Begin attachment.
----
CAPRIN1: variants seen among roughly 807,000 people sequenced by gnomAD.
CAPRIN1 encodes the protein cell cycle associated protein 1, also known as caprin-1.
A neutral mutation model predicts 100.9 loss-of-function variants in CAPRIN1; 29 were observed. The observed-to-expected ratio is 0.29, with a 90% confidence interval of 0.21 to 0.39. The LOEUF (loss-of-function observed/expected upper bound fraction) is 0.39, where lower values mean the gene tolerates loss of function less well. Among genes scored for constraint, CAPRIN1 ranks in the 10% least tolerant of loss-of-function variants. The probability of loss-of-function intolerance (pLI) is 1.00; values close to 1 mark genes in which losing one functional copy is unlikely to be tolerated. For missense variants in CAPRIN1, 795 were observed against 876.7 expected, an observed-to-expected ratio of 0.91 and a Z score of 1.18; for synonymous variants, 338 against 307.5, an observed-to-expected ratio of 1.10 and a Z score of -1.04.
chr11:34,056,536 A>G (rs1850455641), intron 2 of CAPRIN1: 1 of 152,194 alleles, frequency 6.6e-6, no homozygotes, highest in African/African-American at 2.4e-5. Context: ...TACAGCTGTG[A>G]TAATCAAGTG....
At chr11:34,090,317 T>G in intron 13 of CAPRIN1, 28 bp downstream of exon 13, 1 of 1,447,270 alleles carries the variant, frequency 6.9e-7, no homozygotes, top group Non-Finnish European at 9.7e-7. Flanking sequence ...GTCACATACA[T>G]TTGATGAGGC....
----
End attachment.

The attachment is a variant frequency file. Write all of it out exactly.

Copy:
CAPRIN1: variants seen among roughly 807,000 people sequenced by gnomAD.
CAPRIN1 encodes the protein cell cycle associated protein 1, also known as caprin-1.
A neutral mutation model predicts 100.9 loss-of-function variants in CAPRIN1; 29 were observed. The observed-to-expected ratio is 0.29, with a 90% confidence interval of 0.21 to 0.39. The LOEUF (loss-of-function observed/expected upper bound fraction) is 0.39, where lower values mean the gene tolerates loss of function less well. Among genes scored for constraint, CAPRIN1 ranks in the 10% least tolerant of loss-of-function variants. The probability of loss-of-function intolerance (pLI) is 1.00; values close to 1 mark genes in which losing one functional copy is unlikely to be tolerated. For missense variants in CAPRIN1, 795 were observed against 876.7 expected, an observed-to-expected ratio of 0.91 and a Z score of 1.18; for synonymous variants, 338 against 307.5, an observed-to-expected ratio of 1.10 and a Z score of -1.04.
chr11:34,056,536 A>G (rs1850455641), intron 2 of CAPRIN1: 1 of 152,194 alleles, frequency 6.6e-6, no homozygotes, highest in African/African-American at 2.4e-5. Context: ...TACAGCTGTG[A>G]TAATCAAGTG....
At chr11:34,090,317 T>G in intron 13 of CAPRIN1, 28 bp downstream of exon 13, 1 of 1,447,270 alleles carries the variant, frequency 6.9e-7, no homozygotes, top group Non-Finnish European at 9.7e-7. Flanking sequence ...GTCACATACA[T>G]TTGATGAGGC....